Photography by Timothy Pinault
Lorenn Walker JD, MPH, is a Hawai’i-based health educator with extensive legal and social service experience. In 1976 she was brutally attacked while on holiday in Waikiki Hawai’i. The trauma of the attack began a lifelong path of healing. You can find further information at lorennwalker.com.
I was visiting my sister for a short break when an evening that started out with expectations of fun and dancing, left me seriously injured after an attempted rape and murder. I had just turned 24 and was the single parent of my sweet five-year-old daughter, who I had when I was 18 wanting someone to love who wouldn’t leave me.
While waiting for my friend to finish bartending before we went dancing, I drank some beers, and became intoxicated. I mistakenly went out the back door of the hotel bar onto a dark deserted Waikiki street.
A man spotted me and his friendliness quickly turned violent. “Shut up or I’ll kill you,” he warned, throwing me to the ground, his fist smashing my face. Knocked unconscious, I woke up standing with his ten fingers wrapped tightly around my throat. I couldn’t breathe. As my life flashed through my mind, my final thought was of my child. “I have a baby,” I gasped. At this, he instantly let me go, and I ran for my life.
“Too bad we can’t take his prints off these,” a policeman said examining the ten fingerprinted bruises around my neck. Those, along with my swollen black and blue face, bloody eyeball, and facial numbness were ugly reminders of what had happened.
The surgeon cut open my cheek to save my eye. I was young and vain at the time and the months of physical healing included anxiety that I would be permanently scarred. Worse still, I had to stay out of the ocean, and could not work for months. I became deeply depressed.
My shame and guilt were overwhelming. I felt like the attack was my fault. By drinking and putting myself in a dangerous situation, I had not only risked my life, but risked my daughter’s security. I constantly asked myself, “What would she have done without you? Why are you so awful that a stranger wanted to kill you? What’s wrong with you?” The thoughts echoed from my childhood living with a mentally ill parent in an abusive household, which I left to go on my own at age 14.
One day after sending my daughter off to kindergarten, I contemplated suicide, but instead of killing myself, I found a therapist.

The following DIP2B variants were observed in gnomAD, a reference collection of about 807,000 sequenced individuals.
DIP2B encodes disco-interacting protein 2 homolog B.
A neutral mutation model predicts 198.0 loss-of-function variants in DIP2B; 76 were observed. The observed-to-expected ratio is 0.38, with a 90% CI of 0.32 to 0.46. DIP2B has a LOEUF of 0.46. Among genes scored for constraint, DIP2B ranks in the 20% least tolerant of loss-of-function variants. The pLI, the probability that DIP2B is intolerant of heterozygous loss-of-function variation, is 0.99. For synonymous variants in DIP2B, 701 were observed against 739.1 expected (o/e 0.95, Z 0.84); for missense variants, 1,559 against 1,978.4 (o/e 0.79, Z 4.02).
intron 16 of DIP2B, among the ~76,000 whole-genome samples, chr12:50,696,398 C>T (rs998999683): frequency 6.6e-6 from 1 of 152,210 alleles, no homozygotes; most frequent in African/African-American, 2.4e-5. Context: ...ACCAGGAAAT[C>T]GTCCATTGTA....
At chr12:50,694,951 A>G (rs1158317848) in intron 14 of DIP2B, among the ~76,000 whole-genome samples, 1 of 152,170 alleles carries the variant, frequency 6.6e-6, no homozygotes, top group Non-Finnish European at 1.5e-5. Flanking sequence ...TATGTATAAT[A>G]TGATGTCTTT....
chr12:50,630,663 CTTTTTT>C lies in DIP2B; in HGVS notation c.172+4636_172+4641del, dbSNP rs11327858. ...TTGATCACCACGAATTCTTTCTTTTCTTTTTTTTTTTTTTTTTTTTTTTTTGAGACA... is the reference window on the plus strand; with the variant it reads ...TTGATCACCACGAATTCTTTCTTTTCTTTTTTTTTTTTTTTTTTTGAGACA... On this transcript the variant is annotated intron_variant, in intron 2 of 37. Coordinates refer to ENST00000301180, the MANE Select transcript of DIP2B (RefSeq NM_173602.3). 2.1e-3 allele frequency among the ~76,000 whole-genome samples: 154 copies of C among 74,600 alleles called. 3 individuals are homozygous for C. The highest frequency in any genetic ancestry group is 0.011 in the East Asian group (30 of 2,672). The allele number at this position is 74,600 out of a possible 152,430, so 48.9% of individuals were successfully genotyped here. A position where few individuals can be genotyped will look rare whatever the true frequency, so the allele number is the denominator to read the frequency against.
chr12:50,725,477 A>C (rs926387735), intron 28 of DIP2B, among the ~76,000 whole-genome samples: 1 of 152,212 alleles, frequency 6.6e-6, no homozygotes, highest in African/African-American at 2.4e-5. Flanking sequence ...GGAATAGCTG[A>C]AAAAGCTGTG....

I am forever grateful to Harold Hall, Ph.D. He helped me feel worthy and altered my life course by insisting that I enroll at Kaua’i Community College. Having only completed the ninth grade of school with terrible grades, I didn’t believe I was college material, and was convinced I’d drop out before I even started. But days after starting college, I discovered I loved school, and somehow stumbled onto a bright new path.
I went straight through college, then law school in Boston. Seven years after the attack, I took the attorney licensing examination at the same Waikiki Hotel, where the police and ambulance had found me.
Forgiving my attacker was easy. He let me live, and my life was hugely improved by becoming a student and finding self-confidence and hope. But forgiving myself for what happened took me 25 years. Somehow, I felt more ashamed and afraid that his compassion, not my strength, saved me.
As the years passed both prosecution and defense work left me disillusioned with the legal profession – I couldn’t see it helping people. So I discovered public health, which led me to restorative justice. I learnt that healing can be part of a justice system, and I found self-forgiveness.
Both the innocents and those who intentionally hurt others, who I’ve met through my work, have helped me learn how to forgive myself. They taught me that everyone needs love; that seeing our mistakes and poor decisions as indicators of unworthiness leads to self-absorption and more pain. We can find wisdom from our errors. We can use suffering to find more meaningful lives.
Letting go of resentment for ourselves, and others, frees us to love deeper, and allows us more focus to be mindful of the present moment. It is being present with others and holding their pain and suffering together that helps us all heal.